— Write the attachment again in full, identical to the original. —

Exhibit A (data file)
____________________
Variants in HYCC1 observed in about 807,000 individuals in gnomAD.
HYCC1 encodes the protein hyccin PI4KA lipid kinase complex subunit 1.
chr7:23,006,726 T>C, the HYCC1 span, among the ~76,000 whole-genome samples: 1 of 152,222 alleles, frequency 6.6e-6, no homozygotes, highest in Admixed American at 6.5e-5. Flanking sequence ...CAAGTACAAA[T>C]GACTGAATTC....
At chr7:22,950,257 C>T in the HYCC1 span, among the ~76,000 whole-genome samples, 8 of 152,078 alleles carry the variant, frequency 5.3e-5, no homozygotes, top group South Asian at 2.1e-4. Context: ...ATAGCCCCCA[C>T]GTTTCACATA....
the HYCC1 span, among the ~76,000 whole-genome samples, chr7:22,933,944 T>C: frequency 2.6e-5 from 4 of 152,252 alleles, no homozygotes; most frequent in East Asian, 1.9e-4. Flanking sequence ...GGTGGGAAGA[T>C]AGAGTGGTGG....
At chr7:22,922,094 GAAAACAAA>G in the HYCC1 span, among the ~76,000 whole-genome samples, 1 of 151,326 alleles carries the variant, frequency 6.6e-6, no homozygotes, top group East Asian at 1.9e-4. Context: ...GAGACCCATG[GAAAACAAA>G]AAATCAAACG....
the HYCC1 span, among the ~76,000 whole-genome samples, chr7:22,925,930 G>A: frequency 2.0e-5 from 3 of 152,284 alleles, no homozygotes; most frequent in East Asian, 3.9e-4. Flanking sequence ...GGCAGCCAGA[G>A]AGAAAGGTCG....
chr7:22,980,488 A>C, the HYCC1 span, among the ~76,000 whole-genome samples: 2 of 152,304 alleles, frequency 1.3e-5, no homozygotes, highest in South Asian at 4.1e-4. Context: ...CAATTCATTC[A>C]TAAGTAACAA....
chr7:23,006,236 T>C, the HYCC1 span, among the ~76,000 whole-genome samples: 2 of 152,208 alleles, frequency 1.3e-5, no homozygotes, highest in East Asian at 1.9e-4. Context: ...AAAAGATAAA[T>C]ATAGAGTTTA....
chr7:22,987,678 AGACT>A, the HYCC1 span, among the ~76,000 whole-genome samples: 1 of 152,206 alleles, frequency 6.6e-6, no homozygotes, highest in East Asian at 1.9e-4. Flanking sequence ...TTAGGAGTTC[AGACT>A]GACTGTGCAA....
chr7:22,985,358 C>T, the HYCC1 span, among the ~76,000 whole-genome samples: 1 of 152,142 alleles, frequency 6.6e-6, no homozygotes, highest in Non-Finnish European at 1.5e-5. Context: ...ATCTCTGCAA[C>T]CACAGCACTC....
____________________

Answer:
Variants in HYCC1 observed in about 807,000 individuals in gnomAD.
HYCC1 encodes the protein hyccin PI4KA lipid kinase complex subunit 1.
chr7:23,006,726 T>C, the HYCC1 span, among the ~76,000 whole-genome samples: 1 of 152,222 alleles, frequency 6.6e-6, no homozygotes, highest in Admixed American at 6.5e-5. Flanking sequence ...CAAGTACAAA[T>C]GACTGAATTC....
At chr7:22,950,257 C>T in the HYCC1 span, among the ~76,000 whole-genome samples, 8 of 152,078 alleles carry the variant, frequency 5.3e-5, no homozygotes, top group South Asian at 2.1e-4. Context: ...ATAGCCCCCA[C>T]GTTTCACATA....
the HYCC1 span, among the ~76,000 whole-genome samples, chr7:22,933,944 T>C: frequency 2.6e-5 from 4 of 152,252 alleles, no homozygotes; most frequent in East Asian, 1.9e-4. Flanking sequence ...GGTGGGAAGA[T>C]AGAGTGGTGG....
At chr7:22,922,094 GAAAACAAA>G in the HYCC1 span, among the ~76,000 whole-genome samples, 1 of 151,326 alleles carries the variant, frequency 6.6e-6, no homozygotes, top group East Asian at 1.9e-4. Context: ...GAGACCCATG[GAAAACAAA>G]AAATCAAACG....
the HYCC1 span, among the ~76,000 whole-genome samples, chr7:22,925,930 G>A: frequency 2.0e-5 from 3 of 152,284 alleles, no homozygotes; most frequent in East Asian, 3.9e-4. Flanking sequence ...GGCAGCCAGA[G>A]AGAAAGGTCG....
chr7:22,980,488 A>C, the HYCC1 span, among the ~76,000 whole-genome samples: 2 of 152,304 alleles, frequency 1.3e-5, no homozygotes, highest in South Asian at 4.1e-4. Context: ...CAATTCATTC[A>C]TAAGTAACAA....
chr7:23,006,236 T>C, the HYCC1 span, among the ~76,000 whole-genome samples: 2 of 152,208 alleles, frequency 1.3e-5, no homozygotes, highest in East Asian at 1.9e-4. Context: ...AAAAGATAAA[T>C]ATAGAGTTTA....
chr7:22,987,678 AGACT>A, the HYCC1 span, among the ~76,000 whole-genome samples: 1 of 152,206 alleles, frequency 6.6e-6, no homozygotes, highest in East Asian at 1.9e-4. Flanking sequence ...TTAGGAGTTC[AGACT>A]GACTGTGCAA....
chr7:22,985,358 C>T, the HYCC1 span, among the ~76,000 whole-genome samples: 1 of 152,142 alleles, frequency 6.6e-6, no homozygotes, highest in Non-Finnish European at 1.5e-5. Context: ...ATCTCTGCAA[C>T]CACAGCACTC....